Soc 315

Social Welfare

Credits: 5

Course time(s): Every fall term, usually 9 or 10 am M-F

General Education: Does not fulfill gen-ed requirements

Catalog description: Analysis of the concept of social welfare including an introduction to the nature of government and voluntary programs and the services provided by them, as well as their theory, principles, and methods.

Prerequisites: None, but Soc 204 or 205 is recommended, and college level reading and writing ability is expected.


Most recent syllabusFall 2017

Recent textbooks used:

  • Annette Lareau. 2012. Unequal Childhoods (2nd edition). Berkeley: University of California Press.
  • Jane Collins and Victoria Mayer. 2010. Both Hands Tied: Welfare Reform and the Race to the Bottom in the Low-Wage Labor Market. Chicago: University of Chicago Press.
  • Karen Seccombe. 2006. Families in Poverty (Volume 1 in Families in 21st Century series, Susan Ferguson, editor). NY: Pearson.
  • David Shipler. 2005. The Working Poor: Invisible in America. NY: Vintage.
  • Sharon Hays. 2003. Flat broke, with children. Oxford: Oxford University Press.
  • Barbara Ehrenreich. 2001. Nickel and Dimed: On (not) Getting by in America. New York: Owl Books.
  • Bradley Schiller. 2001. The economics of poverty and discrimination. Upper Saddle River, NJ: Prentice-Hall.
  • Karen Seccombe. 1997. So you think I drive a Cadillac? Boston: Allwyn and Bacon.

General topics covered: history of welfare; inequality and poverty; welfare state theory; welfare programs and the welfare system; low-wage work; family; stigma; corporate welfare

Course objectives

1. be exposed to the historical context of social welfare in the United States.
2. be familiar with the various types of public social welfare programs and policies.
3. be able to critically evaluate political arguments surrounding social welfare programs.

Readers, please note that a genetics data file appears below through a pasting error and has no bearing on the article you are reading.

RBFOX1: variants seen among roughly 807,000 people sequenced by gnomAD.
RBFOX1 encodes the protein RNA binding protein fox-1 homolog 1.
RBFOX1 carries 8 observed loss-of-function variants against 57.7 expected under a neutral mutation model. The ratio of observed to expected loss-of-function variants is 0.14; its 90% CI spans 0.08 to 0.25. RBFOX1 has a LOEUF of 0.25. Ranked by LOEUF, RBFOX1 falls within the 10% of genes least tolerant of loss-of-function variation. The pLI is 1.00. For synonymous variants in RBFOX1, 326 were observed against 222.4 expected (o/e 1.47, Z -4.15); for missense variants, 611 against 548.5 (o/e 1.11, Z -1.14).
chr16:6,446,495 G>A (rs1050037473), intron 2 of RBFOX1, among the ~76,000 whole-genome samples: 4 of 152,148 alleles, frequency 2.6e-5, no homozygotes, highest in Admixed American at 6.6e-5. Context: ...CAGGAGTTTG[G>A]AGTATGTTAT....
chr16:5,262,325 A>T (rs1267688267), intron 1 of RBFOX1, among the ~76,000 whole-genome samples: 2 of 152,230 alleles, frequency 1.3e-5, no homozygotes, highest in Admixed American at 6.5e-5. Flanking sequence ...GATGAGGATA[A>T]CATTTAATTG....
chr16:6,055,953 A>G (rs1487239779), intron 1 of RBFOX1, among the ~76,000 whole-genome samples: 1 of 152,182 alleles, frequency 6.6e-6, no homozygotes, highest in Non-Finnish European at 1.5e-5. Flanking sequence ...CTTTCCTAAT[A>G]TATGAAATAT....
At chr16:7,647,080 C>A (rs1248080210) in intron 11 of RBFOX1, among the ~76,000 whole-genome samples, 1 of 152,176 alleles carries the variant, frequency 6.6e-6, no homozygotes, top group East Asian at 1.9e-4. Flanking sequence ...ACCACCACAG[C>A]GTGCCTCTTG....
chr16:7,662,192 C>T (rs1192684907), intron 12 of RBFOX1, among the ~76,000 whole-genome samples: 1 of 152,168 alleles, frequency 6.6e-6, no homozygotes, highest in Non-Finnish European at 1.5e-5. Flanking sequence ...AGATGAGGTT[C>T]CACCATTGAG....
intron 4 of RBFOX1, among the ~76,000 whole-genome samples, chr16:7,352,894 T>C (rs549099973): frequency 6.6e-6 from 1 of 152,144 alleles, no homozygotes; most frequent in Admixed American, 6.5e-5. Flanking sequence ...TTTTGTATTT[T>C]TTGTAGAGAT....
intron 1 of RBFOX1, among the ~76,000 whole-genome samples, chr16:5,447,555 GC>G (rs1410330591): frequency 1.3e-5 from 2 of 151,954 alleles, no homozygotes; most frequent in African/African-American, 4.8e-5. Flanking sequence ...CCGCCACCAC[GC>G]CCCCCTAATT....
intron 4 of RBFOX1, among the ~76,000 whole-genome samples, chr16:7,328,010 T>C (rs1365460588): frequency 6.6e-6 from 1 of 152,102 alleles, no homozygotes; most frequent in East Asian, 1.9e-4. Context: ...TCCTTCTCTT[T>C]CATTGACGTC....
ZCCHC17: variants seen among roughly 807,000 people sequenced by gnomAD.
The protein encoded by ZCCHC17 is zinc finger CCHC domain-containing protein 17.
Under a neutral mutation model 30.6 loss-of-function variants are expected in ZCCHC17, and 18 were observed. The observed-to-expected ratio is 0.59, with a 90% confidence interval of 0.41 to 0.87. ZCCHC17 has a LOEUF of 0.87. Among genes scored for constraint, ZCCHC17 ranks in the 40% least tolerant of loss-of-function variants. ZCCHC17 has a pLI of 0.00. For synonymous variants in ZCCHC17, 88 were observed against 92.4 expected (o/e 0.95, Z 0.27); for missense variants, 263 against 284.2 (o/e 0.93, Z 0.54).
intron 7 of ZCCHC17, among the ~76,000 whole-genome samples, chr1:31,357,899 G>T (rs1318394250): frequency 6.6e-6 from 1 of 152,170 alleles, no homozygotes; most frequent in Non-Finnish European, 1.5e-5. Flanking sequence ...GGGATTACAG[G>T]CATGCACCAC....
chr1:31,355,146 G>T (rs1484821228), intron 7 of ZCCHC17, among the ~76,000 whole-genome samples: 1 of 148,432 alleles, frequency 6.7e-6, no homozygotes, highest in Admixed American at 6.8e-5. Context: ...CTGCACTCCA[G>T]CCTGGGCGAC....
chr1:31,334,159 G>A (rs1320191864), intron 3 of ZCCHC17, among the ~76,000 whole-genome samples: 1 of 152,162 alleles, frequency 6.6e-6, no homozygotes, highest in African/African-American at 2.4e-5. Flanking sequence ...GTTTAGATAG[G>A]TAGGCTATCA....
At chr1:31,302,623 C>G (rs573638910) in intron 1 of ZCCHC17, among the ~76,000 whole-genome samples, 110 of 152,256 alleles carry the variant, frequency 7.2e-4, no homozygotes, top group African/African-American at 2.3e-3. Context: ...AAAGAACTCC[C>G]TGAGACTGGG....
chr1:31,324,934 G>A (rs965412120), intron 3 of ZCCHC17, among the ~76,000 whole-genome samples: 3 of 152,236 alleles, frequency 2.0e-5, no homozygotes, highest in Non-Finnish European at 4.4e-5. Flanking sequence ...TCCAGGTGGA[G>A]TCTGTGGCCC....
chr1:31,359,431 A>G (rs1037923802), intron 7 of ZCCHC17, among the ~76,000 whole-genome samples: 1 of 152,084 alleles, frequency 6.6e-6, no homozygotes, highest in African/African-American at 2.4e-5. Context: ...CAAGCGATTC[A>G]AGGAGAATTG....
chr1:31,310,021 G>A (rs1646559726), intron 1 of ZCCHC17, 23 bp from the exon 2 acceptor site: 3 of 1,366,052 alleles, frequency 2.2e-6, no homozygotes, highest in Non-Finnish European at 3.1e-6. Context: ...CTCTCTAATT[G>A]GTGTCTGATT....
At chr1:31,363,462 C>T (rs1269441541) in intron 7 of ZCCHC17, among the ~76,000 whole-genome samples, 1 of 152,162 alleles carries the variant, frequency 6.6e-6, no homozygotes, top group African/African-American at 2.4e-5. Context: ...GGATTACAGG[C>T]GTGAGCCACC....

4. examine the relationships between poverty, inequality and low-wage work.
5. become familiar with welfare reforms begun in the mid 1990s, and their impacts.

Social welfare can be broadly defined as social intervention designed to enhance or maintain human welfare. That’s pretty broad, and could include things like police and fire services (in fact multinational energy companies might say they’re in the welfare business with that sort of eligibility requirement). Most of the time we limit this to interventions designed to improve the lives or situations of the distressed and the disadvantaged. You can probably think of various populations that would meet these requirements-people and families falling below the poverty line, victims of natural disasters, refugees seeking asylum from political persecution, migrant farm workers, disabled persons, the elderly, parolees from corrections, the unemployed, combat veterans, people without housing, children who’ve been removed from their homes, AIDS patients, victims of sexual assault, etc. For each of these groups of people, there may be public, private or non-profit resources, agencies or programs available to help meet their needs. Social welfare is also a politically charged arena, especially in the U.S. where popular cultural assumptions perpetuate the belief that people are entirely responsible for their own circumstances in life, and government shouldn’t be in the business of ‘providing handouts.’ A more structural argument contends that many people severe disadvantages and daily struggles for survival, living on the margins of a system where success is measured in monetary terms, failure dismissed as flawed character, and underfunded government policies often reflect the power of wealth and political connections more than sound public policy designed to confront poverty and its corrosive effects for society.

This class is a requirement for students taking the Anth/Soc major with a concentration in Sociology/Social Welfare.